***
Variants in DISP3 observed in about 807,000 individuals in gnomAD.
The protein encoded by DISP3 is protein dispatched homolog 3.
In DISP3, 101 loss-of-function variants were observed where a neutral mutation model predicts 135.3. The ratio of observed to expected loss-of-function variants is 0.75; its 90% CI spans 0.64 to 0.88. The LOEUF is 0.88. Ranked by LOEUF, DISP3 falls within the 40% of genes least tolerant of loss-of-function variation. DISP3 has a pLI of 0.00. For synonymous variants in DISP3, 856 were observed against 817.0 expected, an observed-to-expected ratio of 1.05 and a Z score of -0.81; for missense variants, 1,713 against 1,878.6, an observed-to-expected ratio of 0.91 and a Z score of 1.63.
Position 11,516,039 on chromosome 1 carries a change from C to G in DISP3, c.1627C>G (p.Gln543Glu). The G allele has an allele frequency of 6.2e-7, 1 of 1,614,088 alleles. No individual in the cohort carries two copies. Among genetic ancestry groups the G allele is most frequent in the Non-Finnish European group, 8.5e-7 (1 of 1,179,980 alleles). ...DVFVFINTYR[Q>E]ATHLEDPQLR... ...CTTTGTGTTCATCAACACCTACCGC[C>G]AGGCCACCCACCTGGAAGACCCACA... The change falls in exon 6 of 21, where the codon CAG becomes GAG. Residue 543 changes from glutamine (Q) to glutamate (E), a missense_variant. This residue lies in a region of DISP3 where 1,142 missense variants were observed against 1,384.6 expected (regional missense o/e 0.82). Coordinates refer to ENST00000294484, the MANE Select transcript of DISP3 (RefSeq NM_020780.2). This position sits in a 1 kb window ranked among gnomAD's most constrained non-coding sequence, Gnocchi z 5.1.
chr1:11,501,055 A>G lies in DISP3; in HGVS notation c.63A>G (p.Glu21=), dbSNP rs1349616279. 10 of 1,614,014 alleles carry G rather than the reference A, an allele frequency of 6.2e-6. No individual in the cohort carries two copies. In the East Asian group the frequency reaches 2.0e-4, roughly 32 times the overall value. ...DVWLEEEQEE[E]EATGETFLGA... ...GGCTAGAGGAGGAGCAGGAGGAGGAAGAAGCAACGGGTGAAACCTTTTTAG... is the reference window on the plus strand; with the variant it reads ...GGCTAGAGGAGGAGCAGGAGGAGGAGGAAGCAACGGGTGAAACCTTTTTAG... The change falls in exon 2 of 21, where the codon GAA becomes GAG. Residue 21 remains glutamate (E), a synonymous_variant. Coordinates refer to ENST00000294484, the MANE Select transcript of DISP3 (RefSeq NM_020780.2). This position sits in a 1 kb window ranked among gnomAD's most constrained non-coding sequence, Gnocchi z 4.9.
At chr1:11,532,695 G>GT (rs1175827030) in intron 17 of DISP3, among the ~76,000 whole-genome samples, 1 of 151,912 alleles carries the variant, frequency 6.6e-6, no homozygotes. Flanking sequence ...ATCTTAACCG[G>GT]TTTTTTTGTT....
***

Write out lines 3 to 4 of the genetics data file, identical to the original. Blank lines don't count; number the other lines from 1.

In DISP3, 101 loss-of-function variants were observed where a neutral mutation model predicts 135.3. The ratio of observed to expected loss-of-function variants is 0.75; its 90% CI spans 0.64 to 0.88. The LOEUF is 0.88. Ranked by LOEUF, DISP3 falls within the 40% of genes least tolerant of loss-of-function variation. DISP3 has a pLI of 0.00. For synonymous variants in DISP3, 856 were observed against 817.0 expected, an observed-to-expected ratio of 1.05 and a Z score of -0.81; for missense variants, 1,713 against 1,878.6, an observed-to-expected ratio of 0.91 and a Z score of 1.63.
Position 11,516,039 on chromosome 1 carries a change from C to G in DISP3, c.1627C>G (p.Gln543Glu). The G allele has an allele frequency of 6.2e-7, 1 of 1,614,088 alleles. No individual in the cohort carries two copies. Among genetic ancestry groups the G allele is most frequent in the Non-Finnish European group, 8.5e-7 (1 of 1,179,980 alleles). ...DVFVFINTYR[Q>E]ATHLEDPQLR... ...CTTTGTGTTCATCAACACCTACCGC[C>G]AGGCCACCCACCTGGAAGACCCACA... The change falls in exon 6 of 21, where the codon CAG becomes GAG. Residue 543 changes from glutamine (Q) to glutamate (E), a missense_variant. This residue lies in a region of DISP3 where 1,142 missense variants were observed against 1,384.6 expected (regional missense o/e 0.82). Coordinates refer to ENST00000294484, the MANE Select transcript of DISP3 (RefSeq NM_020780.2). This position sits in a 1 kb window ranked among gnomAD's most constrained non-coding sequence, Gnocchi z 5.1.